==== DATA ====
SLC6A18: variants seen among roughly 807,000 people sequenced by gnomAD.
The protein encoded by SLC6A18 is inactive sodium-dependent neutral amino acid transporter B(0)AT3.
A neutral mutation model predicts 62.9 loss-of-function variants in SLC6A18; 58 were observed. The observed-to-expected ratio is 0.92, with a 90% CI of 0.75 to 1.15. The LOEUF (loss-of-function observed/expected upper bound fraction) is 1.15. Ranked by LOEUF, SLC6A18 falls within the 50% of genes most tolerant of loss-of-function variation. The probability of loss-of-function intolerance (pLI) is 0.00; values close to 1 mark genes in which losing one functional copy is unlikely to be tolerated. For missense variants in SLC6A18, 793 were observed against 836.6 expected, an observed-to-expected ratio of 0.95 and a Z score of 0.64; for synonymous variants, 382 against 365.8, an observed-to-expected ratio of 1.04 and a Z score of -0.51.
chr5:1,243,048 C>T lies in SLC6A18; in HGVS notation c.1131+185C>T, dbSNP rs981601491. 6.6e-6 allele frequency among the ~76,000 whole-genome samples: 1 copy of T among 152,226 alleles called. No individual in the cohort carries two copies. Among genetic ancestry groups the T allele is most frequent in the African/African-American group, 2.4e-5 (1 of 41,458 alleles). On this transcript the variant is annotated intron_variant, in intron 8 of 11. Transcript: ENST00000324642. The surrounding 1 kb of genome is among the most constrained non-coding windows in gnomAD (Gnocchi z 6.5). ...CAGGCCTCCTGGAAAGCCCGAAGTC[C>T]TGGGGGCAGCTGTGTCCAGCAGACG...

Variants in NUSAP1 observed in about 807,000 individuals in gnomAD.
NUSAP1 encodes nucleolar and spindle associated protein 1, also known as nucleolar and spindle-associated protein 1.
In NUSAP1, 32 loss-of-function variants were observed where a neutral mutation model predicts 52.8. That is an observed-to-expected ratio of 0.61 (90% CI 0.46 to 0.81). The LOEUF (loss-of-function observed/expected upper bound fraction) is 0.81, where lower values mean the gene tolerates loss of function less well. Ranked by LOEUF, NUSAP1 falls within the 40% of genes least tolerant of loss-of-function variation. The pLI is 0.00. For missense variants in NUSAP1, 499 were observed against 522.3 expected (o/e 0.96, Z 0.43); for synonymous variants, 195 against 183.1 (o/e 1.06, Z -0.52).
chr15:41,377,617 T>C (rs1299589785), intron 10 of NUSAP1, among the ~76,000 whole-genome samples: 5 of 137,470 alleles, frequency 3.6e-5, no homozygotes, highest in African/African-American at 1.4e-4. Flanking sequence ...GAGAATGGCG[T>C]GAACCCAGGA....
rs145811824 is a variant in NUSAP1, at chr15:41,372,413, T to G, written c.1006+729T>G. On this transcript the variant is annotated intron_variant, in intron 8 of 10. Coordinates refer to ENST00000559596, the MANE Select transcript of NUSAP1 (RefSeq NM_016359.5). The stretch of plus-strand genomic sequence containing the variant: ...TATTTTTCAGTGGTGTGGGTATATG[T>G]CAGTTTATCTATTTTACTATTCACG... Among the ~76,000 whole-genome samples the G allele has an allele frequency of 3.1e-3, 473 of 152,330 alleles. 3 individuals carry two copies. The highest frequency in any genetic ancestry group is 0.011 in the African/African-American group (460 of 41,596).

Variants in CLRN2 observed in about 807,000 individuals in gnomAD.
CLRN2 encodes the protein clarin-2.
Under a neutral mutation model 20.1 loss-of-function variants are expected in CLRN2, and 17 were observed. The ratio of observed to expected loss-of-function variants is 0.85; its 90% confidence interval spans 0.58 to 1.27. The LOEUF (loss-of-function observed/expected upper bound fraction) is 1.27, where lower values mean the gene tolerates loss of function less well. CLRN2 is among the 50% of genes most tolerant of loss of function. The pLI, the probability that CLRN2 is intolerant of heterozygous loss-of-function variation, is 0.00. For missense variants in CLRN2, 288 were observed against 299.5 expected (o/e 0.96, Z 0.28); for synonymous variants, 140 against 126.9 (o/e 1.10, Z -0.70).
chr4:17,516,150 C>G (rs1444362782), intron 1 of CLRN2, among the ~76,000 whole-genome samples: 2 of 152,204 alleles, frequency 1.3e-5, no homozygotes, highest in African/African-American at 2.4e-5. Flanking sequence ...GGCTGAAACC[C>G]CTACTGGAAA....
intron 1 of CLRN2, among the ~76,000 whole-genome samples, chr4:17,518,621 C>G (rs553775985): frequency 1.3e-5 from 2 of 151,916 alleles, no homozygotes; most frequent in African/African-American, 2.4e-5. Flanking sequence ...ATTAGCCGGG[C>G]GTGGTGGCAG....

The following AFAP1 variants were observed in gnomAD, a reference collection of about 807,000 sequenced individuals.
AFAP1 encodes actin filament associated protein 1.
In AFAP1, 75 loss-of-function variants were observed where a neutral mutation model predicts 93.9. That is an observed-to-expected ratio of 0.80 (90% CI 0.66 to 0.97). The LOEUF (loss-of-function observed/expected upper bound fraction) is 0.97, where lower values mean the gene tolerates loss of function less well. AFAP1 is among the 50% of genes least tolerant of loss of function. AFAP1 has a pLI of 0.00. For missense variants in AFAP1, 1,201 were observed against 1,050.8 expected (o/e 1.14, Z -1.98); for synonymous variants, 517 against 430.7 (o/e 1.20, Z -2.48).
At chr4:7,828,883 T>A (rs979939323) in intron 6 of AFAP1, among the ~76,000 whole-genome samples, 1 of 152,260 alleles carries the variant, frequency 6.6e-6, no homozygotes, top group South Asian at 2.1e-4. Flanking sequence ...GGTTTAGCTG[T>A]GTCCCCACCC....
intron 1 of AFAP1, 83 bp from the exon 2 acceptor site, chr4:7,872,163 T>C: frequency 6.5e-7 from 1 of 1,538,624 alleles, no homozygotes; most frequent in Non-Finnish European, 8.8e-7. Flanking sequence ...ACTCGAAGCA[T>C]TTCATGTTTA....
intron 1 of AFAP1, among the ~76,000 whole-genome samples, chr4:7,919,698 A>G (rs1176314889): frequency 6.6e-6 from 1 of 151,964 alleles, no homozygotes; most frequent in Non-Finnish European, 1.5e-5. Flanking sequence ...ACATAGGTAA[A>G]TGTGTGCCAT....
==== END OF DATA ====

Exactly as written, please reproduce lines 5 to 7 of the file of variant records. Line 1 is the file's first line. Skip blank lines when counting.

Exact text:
Variants in NUSAP1 observed in about 807,000 individuals in gnomAD.
NUSAP1 encodes nucleolar and spindle associated protein 1, also known as nucleolar and spindle-associated protein 1.
In NUSAP1, 32 loss-of-function variants were observed where a neutral mutation model predicts 52.8. That is an observed-to-expected ratio of 0.61 (90% CI 0.46 to 0.81). The LOEUF (loss-of-function observed/expected upper bound fraction) is 0.81, where lower values mean the gene tolerates loss of function less well. Ranked by LOEUF, NUSAP1 falls within the 40% of genes least tolerant of loss-of-function variation. The pLI is 0.00. For missense variants in NUSAP1, 499 were observed against 522.3 expected (o/e 0.96, Z 0.43); for synonymous variants, 195 against 183.1 (o/e 1.06, Z -0.52).